The Obama administration is using $1.2 billion to combat the spread of ‘Superbugs’; an NFL sports team is being sued for $20 million over a MRSA infection; 23,000 people die and millions are infected as ‘Superbugs’ become resistant to antibiotics, disinfectants and other anti-microbial products. And now, mold is more lethal than asbestos and more common.
Infection is the number one cause of death worldwide and the number three cause of death in the United States. Absenteeism due to sickness costs $50 billion a year. Twenty-five years ago, 80% of all infections were controlled by antibiotics. The continued use of the chemical products only strengthens the bacteria and makes it more resistant. Today, less than 50% of infections are controllable by chemical means.
”Superbug” mutations caused by disinfectants, sterilants and chemicals are becoming more prevalent. Eighty percent of infections are spread by human touch or touch points. Touch-points are surfaces touched by many people every day, such as door handles, desks, steering wheels, telephones, etc. Human clothing and textiles also carry and distribute bacteria and viruses. Microbial growth is activated by high temperature and moisture. These microbes rapidly adapt, mutate, and multiply when standard cleaning chemicals and protocols are used. The more you clean with conventional chemicals, the greater the risk of microbe mutation. The standard cleaning agents involve either a leaching poison, heavy metals such as silver or copper, or Triclosans, which are banned in other countries. Another problem is these agents stop working once they dry on a surface.
To combat this epidemic, there is a technology that is a mechanical kill rather than a chemical kill. This makes it far less susceptible for the bacteria to become resistant. The technology is known as organosilane, a biostatic surface protection and antimicrobial.
Organosilane technologies are a new class of antimicrobial protection that, when polymerized to a surface, provide prolonged protection against damaging microbes such as bacteria, mold, mildew and certain soft shell viruses for up to 90 days.
According to Dow Corning, they “pioneered the development of organosilane technology more than 50 years ago to provide new classes of materials with specific physical and chemical properties: silicones and silanes.”
But until now, it’s been a little-known technology, but one that would change the biohazard remediation world over time.
Think of these organosilanes as a layer of electrically charged “spears.” When a microorganism comes in contact with the treated surface, the spear punctures the cell membrane and electrocutes the remnants. Nothing is transferred to the now-dead cell, the antimicrobial does not lose strength, and the spear is now ready for the next cell to kill.
Normal cleaning of the treated surface is required to remove dead microbes, dust, and dirt so that the “spears” are not buried. This process will continue until the organosilane is physically abraded from the surface. The organosilane makes a durable and long-lasting bond to most surfaces, both porous and non-porous, and textiles. This technology causes a mechanical kill instead of a chemical kill, which at the margins of treated areas can lead to resistant microbes. The benefit is clearly in a product that continues to provide protection long after application.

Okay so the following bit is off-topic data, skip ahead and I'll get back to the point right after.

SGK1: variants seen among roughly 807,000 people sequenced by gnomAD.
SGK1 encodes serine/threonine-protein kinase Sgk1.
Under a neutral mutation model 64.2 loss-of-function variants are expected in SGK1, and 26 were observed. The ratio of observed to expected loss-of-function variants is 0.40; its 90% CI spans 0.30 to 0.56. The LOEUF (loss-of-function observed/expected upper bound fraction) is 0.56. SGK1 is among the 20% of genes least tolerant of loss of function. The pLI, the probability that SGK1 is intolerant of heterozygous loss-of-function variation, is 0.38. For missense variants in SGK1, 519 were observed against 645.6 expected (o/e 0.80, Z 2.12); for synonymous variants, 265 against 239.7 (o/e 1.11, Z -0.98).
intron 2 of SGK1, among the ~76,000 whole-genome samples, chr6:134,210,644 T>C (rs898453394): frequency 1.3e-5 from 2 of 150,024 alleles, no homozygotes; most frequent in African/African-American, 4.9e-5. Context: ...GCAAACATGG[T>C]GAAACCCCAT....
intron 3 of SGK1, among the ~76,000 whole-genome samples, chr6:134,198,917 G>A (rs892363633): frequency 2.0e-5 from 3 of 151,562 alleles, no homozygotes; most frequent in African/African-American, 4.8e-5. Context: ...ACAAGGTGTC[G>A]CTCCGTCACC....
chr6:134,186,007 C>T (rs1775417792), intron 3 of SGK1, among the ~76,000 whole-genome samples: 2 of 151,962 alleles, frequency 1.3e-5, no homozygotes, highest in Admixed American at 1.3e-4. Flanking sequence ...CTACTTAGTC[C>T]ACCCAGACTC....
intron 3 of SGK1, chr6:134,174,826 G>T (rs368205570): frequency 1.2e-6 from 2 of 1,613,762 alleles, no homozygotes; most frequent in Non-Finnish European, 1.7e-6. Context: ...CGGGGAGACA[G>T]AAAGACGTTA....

For the restoration world, organosilane technology takes remediation one step further. Once mold or another harmful environmental issue is cleaned and disinfected in the best possible way, contractors can apply this antimicrobial surface protectant to provide a barrier, discouraging regrowth of bacteria and offering longer term protection.
While the most obvious uses for this technology are perhaps schools, gyms, hotels, and restaurants, the possibly applications are truly far-reaching. Microorganisms are the most prevalent and potent pollutants in the indoor environment and their role as causers and aggravators of disease conditions are well documented.
To benefit from the demands for antimicrobial/antibacterial products as well as the antimicrobial/antibacterial performance needs of many sectors, restoration contractors should utilize a treatment that provides for a microbial control claim and an antimicrobial finish.
Here are six steps to consider with organosilane technology:
1. Adopt a non-leaching antimicrobial that doesn’t pose the risk of crossing the skin barrier or negatively affect the normal microbial flora of the skin. If it creates a “zone of inhibition” or must integrate into the cell to have function, it leaches or moves and has the potential to cause problems to people and the environment. It also contributes to the creation of Superbugs.
2. Adopt an antimicrobial technology with a proven history of use.
3. Adopt an antimicrobial technology that is adaptable across many utilities and stand up to use and abuse conditions.
4. Adopt a non-leaching antimicrobial that doesn’t pose the risk of creating adaptive resistant microorganisms or Superbugs.
5. Adopt an antimicrobial technology that is registered with the EPA, the EU, and other regulatory agencies.
6. Adopt an antimicrobial technology that has technical and marketing support.
There are several companies out there offering organosilane technology antimicrobial products in powder, solvent and gas forms. For some helpful links, visit this article online at www.randrmagonline.com.
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